How to Be a Better Ally
Dean R. Pratchett
An ally can be defined as someone who supports equal civil rights, gender and racial equality and social movements. An ally also challenges homophobia, racism and religious intolerance. What does it mean, however, to be an ally? Do you think you qualify?
Over the years, I’ve noticed one repeated topic of conversation in various groups I support is allies – and how they could be better. Many allies, unfortunately, go about showing their support the wrong way and are unaware of how they are in fact hurting, not helping, these groups. Sometimes it is in the actions or words they use. Other times it can be the result of inaction that harms the community. So here is a collection of various tips I’ve received on being a better ally that can be applied to any group or organization.
Personalize your experience, step into their shoes, and try to understand how your own actions and words affect those around you. Work to understand your own feelings regarding their issues. Talk less and listen more. Be emotionally supportive and don’t make it about you. Try not to make assumptions about what groups a person belongs to or identifies with.
Instead, assume that a person could identify with something completely different from what you expect. Be careful of jokes that make fun of inappropriate topics, like a medical issue, genetic disorder or physical condition, race, gender, a person’s appearance, religious choices or customs and cultural customs. None of these are ever appropriate. Consider your words and actions no matter where you are. You never know who could be listening. If you’re unsure about the appropriateness of a topic, say nothing and research it later.
While specific to the LGBTQ community, it’s important to keep in mind that you don’t out others. Sharing something personal that a person has trusted to you doesn’t entitle you to share the fact with everyone else. Knowing something about a person’s gender, orientation or cultural practices doesn’t give you the right to share this without consulting them first, nor should you feel you know best in a conversation because you are connected to one of these individuals. Be aware that opinions, actions and preferences may differ from person to person, even within the same communities.
Don’t be satisfied with words and actively advocate for change. Socialize by attending events or joining student and community organizations. Be willing to speak up. Call out stereotypical representations in the media or in conversations. Don’t sit by when it’s convenient for you, but do consider your safety and the safety of those around you when bringing up a topic. Some conversations will be challenging. Educate your peers by sponsoring club events with other organizations. Bring up relevant topics into discussions. Correct appropriately and politely. Speak up on social media platforms. Vote! It matters. The policies put in place greatly affect everyone’s health, safety and well-being.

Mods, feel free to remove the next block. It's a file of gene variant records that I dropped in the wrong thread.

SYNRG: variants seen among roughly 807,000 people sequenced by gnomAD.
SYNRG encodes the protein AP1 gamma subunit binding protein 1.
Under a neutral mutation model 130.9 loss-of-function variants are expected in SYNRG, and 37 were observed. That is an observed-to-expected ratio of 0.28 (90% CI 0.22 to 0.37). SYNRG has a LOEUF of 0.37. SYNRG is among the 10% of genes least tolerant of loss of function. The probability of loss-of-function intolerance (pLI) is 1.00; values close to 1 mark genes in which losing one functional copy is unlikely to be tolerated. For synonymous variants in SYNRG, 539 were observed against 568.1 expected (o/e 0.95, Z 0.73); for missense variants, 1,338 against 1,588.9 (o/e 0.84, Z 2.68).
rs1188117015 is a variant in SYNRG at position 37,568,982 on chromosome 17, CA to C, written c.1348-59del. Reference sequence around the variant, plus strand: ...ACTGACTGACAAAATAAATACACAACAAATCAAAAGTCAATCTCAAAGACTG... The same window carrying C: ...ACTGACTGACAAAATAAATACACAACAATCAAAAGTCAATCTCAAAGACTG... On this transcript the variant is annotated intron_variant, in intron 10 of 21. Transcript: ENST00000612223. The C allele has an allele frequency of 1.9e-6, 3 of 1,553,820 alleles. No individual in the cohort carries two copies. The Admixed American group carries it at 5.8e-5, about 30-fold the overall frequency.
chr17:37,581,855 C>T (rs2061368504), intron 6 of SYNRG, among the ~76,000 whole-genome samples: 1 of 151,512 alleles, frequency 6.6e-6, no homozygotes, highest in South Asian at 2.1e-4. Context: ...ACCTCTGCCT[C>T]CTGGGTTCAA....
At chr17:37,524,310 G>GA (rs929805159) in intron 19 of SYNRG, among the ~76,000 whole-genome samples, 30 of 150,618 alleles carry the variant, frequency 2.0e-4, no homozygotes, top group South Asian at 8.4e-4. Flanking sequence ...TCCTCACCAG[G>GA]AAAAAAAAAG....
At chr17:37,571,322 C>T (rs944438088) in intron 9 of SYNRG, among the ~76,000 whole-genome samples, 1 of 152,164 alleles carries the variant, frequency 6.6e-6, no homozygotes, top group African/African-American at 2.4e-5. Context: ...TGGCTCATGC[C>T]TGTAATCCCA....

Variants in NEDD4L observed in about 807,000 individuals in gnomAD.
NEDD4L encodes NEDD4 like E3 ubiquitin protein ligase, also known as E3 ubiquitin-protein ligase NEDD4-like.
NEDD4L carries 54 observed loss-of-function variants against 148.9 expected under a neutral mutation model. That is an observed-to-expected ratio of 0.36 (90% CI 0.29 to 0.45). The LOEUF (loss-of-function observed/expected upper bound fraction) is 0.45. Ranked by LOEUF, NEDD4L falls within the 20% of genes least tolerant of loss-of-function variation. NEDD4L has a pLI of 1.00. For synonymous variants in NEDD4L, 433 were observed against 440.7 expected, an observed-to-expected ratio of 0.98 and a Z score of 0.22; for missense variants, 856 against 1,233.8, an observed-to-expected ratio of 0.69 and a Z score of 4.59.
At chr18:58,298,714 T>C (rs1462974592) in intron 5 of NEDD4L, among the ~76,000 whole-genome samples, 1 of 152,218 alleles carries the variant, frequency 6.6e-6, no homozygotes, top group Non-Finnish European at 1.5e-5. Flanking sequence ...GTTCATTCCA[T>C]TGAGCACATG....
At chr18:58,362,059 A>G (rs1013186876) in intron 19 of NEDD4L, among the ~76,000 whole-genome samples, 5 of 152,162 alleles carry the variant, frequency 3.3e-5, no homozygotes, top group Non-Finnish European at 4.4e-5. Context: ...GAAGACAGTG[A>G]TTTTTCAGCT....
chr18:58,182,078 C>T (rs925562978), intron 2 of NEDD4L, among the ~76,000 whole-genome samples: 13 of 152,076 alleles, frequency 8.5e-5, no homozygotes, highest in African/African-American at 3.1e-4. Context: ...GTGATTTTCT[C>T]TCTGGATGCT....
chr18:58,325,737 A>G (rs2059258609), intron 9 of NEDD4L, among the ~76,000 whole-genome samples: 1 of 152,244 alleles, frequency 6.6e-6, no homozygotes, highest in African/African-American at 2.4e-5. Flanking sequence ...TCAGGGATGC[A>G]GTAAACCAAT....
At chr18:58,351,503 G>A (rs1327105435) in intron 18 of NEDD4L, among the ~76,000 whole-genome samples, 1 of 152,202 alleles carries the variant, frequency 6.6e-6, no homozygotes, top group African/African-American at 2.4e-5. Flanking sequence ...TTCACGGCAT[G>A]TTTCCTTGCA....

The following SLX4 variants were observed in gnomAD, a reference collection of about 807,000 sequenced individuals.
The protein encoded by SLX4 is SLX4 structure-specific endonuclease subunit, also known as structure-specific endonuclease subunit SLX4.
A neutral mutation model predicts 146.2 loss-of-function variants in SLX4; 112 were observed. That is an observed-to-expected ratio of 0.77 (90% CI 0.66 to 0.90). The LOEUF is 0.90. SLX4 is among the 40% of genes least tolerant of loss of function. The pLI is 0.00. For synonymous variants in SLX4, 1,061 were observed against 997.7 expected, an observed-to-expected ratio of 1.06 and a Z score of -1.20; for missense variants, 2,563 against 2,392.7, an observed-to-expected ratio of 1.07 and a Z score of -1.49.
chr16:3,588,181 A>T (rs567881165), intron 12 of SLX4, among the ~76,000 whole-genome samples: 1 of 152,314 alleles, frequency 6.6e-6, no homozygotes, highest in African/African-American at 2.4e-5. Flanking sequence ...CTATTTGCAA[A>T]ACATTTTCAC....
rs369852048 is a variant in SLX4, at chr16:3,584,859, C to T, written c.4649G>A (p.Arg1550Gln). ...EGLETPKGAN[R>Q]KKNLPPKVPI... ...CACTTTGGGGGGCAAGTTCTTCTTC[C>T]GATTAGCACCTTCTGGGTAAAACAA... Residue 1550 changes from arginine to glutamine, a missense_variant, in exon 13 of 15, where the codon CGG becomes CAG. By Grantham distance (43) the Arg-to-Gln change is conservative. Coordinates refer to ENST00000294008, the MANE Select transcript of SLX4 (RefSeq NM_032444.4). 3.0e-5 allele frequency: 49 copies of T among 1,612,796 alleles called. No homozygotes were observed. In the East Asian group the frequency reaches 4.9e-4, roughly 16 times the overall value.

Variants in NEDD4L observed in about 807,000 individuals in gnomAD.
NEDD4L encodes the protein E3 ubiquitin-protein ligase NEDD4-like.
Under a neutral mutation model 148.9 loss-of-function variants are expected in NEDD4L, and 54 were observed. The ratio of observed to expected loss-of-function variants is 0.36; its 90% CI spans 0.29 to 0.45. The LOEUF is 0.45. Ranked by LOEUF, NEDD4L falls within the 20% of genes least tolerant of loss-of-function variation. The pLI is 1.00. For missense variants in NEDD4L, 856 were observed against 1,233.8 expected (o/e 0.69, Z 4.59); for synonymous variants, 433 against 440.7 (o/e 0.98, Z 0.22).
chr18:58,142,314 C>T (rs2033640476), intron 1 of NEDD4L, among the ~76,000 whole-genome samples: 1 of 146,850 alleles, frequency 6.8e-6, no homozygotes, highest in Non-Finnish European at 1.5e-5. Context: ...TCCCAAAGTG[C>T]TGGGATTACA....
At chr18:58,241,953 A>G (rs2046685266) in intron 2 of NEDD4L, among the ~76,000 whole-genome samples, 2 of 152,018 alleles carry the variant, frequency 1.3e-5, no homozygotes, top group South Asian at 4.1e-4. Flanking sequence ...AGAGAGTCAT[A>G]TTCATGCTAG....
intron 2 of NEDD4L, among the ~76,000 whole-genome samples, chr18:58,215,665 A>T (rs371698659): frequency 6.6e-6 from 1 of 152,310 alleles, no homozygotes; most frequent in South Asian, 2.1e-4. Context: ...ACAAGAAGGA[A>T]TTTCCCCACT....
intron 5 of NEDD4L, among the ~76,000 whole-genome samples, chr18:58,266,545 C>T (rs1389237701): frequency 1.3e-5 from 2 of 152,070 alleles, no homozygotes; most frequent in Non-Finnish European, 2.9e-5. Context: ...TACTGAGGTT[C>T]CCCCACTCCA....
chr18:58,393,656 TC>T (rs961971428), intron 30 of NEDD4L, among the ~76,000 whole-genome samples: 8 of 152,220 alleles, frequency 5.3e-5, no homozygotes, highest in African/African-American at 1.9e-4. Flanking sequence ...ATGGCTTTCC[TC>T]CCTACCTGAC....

Think critically. Be willing to understand you won’t know everything. Be on the lookout for misinformation. If an opinion seems strong, find out why that is. Validate the information you find. Check sources. Read multiple versions and opinions of an event or issue. See all sides to a problem. Be aware that sometimes the standard of what is acceptable has changed, so stay current. Self-assess and reflect on what you learn from time to time, and how you feel about certain topics. Assert self-care and tackle things in moderation.
Get educated. Be willing to listen to individuals who offer their time to teach you in a respectable manner. Be respectful with your questions and inquiries. Learn about pronouns, inclusivity or what words and phrases are considered offensive. Learn about the history and challenges faced by these groups. Invest in training and diversity education programs offered by the university, your workplace and local community. Take university courses specific to groups, African-American history, Women’s and Gender Studies and more. Diversify your media consumption by subscribing to blogs, social accounts, podcasts, vlogs, news sites and magazines you normally wouldn’t think to read. Many of these often bring up current issues, topics and often talk about allies.
Learn to apologize without caveats. Sometimes you get it wrong, you say the wrong pronouns, you misquote a source, you say something inappropriate or don’t speak up about something offensive. It’s okay. We’re human and we mess up. Don’t make it a huge deal, simply be straightforward and apologize without making a fuss. Don’t preface by saying “no offense.” Be humble and move on. Everyone will appreciate it.
Do good simply for the sake of good, not rewards. Understand that the focus is not on you. The focus should be protecting and assisting those you are an ally to. We know you’re there, as an ally, and appreciate you all the same. So, consider your impact on the community, rather than your personal intentions. Be an ally. Be supportive. Someday, when you need your own ally, we’ll be here for you, too.